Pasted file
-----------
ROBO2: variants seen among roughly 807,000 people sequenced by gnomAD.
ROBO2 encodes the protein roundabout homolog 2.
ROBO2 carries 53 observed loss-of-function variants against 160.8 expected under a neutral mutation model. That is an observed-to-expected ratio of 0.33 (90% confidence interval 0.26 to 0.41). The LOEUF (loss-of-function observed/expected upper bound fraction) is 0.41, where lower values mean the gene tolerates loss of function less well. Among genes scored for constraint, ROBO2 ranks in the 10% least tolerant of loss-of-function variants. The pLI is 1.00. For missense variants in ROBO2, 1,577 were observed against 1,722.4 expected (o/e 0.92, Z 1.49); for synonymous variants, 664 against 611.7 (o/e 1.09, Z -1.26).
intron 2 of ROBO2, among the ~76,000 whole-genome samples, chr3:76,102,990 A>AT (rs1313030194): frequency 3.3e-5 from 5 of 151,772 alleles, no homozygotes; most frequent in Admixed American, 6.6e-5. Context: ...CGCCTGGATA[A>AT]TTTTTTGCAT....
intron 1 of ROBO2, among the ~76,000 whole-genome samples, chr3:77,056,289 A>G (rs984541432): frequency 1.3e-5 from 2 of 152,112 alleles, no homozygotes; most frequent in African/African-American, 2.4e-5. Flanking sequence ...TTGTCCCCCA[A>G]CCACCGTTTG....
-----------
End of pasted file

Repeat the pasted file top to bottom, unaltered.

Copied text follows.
ROBO2: variants seen among roughly 807,000 people sequenced by gnomAD.
ROBO2 encodes the protein roundabout homolog 2.
ROBO2 carries 53 observed loss-of-function variants against 160.8 expected under a neutral mutation model. That is an observed-to-expected ratio of 0.33 (90% confidence interval 0.26 to 0.41). The LOEUF (loss-of-function observed/expected upper bound fraction) is 0.41, where lower values mean the gene tolerates loss of function less well. Among genes scored for constraint, ROBO2 ranks in the 10% least tolerant of loss-of-function variants. The pLI is 1.00. For missense variants in ROBO2, 1,577 were observed against 1,722.4 expected (o/e 0.92, Z 1.49); for synonymous variants, 664 against 611.7 (o/e 1.09, Z -1.26).
intron 2 of ROBO2, among the ~76,000 whole-genome samples, chr3:76,102,990 A>AT (rs1313030194): frequency 3.3e-5 from 5 of 151,772 alleles, no homozygotes; most frequent in Admixed American, 6.6e-5. Context: ...CGCCTGGATA[A>AT]TTTTTTGCAT....
intron 1 of ROBO2, among the ~76,000 whole-genome samples, chr3:77,056,289 A>G (rs984541432): frequency 1.3e-5 from 2 of 152,112 alleles, no homozygotes; most frequent in African/African-American, 2.4e-5. Flanking sequence ...TTGTCCCCCA[A>G]CCACCGTTTG....